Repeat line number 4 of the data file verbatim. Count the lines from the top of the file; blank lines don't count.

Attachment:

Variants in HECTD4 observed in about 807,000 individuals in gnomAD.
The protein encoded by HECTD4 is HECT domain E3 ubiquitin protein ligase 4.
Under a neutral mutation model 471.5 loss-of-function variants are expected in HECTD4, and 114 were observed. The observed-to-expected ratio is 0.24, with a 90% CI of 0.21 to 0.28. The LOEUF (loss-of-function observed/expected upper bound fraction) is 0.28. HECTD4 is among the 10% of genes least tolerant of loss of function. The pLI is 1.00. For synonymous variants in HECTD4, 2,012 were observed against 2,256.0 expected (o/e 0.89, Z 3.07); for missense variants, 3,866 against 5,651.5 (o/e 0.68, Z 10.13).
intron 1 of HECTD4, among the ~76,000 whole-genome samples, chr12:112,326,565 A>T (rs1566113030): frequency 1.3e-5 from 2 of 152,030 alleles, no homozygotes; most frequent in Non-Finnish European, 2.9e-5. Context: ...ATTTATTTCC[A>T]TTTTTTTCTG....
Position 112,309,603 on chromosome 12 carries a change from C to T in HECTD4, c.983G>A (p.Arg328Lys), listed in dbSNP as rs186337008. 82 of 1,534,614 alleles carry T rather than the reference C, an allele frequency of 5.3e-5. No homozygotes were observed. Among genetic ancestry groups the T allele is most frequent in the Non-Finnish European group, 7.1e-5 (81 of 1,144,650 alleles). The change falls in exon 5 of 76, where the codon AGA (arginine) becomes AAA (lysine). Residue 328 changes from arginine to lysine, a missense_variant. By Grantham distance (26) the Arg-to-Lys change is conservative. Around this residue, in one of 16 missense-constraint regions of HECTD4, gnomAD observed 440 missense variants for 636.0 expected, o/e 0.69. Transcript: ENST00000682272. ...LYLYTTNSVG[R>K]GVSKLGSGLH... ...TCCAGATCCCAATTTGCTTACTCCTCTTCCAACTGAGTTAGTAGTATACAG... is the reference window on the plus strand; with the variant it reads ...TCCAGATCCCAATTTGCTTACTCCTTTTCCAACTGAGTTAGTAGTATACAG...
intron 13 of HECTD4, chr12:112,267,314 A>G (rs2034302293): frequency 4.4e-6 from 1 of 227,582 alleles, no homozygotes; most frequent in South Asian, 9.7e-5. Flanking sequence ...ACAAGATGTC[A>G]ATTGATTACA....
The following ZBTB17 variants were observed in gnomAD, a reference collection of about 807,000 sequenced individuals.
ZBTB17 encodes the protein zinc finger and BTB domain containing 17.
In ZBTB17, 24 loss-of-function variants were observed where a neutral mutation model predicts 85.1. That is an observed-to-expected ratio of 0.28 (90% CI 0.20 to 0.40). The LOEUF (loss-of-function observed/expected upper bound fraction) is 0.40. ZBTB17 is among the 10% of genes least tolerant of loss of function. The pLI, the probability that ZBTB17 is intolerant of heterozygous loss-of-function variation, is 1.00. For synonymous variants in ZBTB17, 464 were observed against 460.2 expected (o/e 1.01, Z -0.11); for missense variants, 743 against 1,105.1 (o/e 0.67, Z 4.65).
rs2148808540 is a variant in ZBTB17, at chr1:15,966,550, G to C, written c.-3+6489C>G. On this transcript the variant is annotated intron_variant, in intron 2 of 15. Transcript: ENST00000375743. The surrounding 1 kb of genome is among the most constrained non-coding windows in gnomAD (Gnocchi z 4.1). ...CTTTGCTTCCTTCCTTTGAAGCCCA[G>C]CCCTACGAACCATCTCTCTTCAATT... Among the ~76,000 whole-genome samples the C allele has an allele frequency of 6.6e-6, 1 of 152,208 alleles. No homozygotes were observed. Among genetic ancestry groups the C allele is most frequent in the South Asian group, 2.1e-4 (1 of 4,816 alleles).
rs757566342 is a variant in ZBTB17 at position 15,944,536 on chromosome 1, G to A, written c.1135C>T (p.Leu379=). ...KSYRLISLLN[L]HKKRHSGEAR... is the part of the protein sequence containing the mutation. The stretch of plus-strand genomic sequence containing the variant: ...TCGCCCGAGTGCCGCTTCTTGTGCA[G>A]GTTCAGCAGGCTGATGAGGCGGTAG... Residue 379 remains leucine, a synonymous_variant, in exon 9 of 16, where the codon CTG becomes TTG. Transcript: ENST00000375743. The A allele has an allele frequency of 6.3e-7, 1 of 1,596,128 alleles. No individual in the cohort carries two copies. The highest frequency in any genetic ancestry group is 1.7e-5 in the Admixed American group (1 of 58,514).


intron 1 of HECTD4, among the ~76,000 whole-genome samples, chr12:112,326,565 A>T (rs1566113030): frequency 1.3e-5 from 2 of 152,030 alleles, no homozygotes; most frequent in Non-Finnish European, 2.9e-5. Context: ...ATTTATTTCC[A>T]TTTTTTTCTG....